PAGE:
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Gonorrhea is a kind of sexually transmitted disease (STD) caused by the bacteria Neisseria Gonorrhoeae, the gonococcus. In a recent study conducted by the American Social Health Association, an estimated 1.1 million men and women in the United States are prone to gonorrhea infection annually. The extent of infection, the severity, and the signs and the symptoms may vary in men and women.

Although people who suffer from gonorrhea are likely to be symptomatic, unlike other STDs like Chlamydia, one of the most common gonorrhea sign is no symptom at all. Like Chlamydia, gonorrhea signs manifest themselves two to six days after being exposed or infected to the bacteria.

In men, the most common gonorrhea sign is a yellowish substance from the penis, accompanied by painful urination, and there is an urge to pee frequently. If not treated right away, the disease can spread from the urethra to contaminate the seminal vesicles, Cowper’s glands, prostate gland, and the epididymis, which, if inflamed and scarred, can may the victim sterile.

In women, the gonorrhea sign is manifested in the urethra or cervix. Sometimes, the infection is so slight that it goes undetected, particularly with an inflamed cervix. Other common gonorrhea signs consist of a cloudy vaginal discharge, abnormal menstrual cycle, pain when urinating, and lower abdominal discomfort. When the gonorrhea sign is unnoticed and not treated at once, it can lead to pelvic inflammatory disease (PID), which can lead to infertility, pelvic abscesses, and ectopic pregnancy.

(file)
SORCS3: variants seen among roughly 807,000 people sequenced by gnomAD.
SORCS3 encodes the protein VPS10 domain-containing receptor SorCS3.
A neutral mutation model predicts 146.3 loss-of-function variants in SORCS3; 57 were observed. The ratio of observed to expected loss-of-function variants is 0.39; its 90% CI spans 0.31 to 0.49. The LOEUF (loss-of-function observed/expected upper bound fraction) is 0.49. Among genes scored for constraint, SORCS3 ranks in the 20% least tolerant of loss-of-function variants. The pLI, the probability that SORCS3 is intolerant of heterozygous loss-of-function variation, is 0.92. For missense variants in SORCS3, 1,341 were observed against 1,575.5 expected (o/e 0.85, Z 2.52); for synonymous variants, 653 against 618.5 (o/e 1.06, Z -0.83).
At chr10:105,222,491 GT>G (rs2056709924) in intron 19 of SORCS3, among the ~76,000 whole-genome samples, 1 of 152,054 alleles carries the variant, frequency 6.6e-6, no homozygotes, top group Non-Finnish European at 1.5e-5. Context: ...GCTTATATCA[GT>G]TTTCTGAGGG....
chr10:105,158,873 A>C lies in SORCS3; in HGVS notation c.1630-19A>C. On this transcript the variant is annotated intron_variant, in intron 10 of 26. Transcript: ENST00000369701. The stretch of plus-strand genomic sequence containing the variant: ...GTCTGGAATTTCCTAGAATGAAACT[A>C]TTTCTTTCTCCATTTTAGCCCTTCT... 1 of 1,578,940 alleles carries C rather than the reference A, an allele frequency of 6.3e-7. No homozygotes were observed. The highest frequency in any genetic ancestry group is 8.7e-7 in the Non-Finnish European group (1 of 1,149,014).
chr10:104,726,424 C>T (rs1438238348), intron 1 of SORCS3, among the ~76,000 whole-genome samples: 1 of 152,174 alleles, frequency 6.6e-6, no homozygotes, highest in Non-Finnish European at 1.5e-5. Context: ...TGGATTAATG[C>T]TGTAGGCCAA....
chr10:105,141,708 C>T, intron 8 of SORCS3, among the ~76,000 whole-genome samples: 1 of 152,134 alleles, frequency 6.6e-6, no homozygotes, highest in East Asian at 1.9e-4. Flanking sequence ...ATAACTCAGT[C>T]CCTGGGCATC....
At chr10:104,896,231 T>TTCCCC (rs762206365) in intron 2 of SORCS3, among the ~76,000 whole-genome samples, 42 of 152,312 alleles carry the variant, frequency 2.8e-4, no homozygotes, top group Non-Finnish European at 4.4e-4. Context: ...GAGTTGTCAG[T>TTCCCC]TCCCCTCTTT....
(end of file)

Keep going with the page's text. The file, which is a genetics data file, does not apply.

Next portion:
People who engage in oral and anal sex are prone to gonorrhea. When infected through oral sex, common gonorrhea signs may involve sore throat, tonsillitis, or may not be manifested at all. In anal sex, some of the gonorrhea signs may include itchiness, urge to go to the toilet frequently, an inflamed rectum or anus, itchiness, pus-like or bloody discharge, or may not manifest itself at all.

To detect this disease, health care providers utilize a smear, or usually, cultivated in culture. Another way of diagnosing gonorrhea signs is through DNA probes which can lead to an immediate diagnosis. The most common form of treating gonorrhea signs is through antibiotics. However, there are some forms of gonorrhea strains that are resistant to penicillin so new antibiotics are needed to effectively cure these resistant gonorrhea strains. Since infection with both gonorrhea and Chlamydia is a usual occurrence, both partners need simultaneous treatment. The health care professional will determine the most suitable method of treatment.

When diagnosed with gonorrhea, the infected individual should take full advantage of antibiotics and come back for a consultation four to seven days after treatment for a repeat culture to ensure the effectiveness of the treatment. The infected person should avoid vaginal, oral, or anal sex until cure from the disease has been guaranteed to avoid being infected with gonorrhea again.


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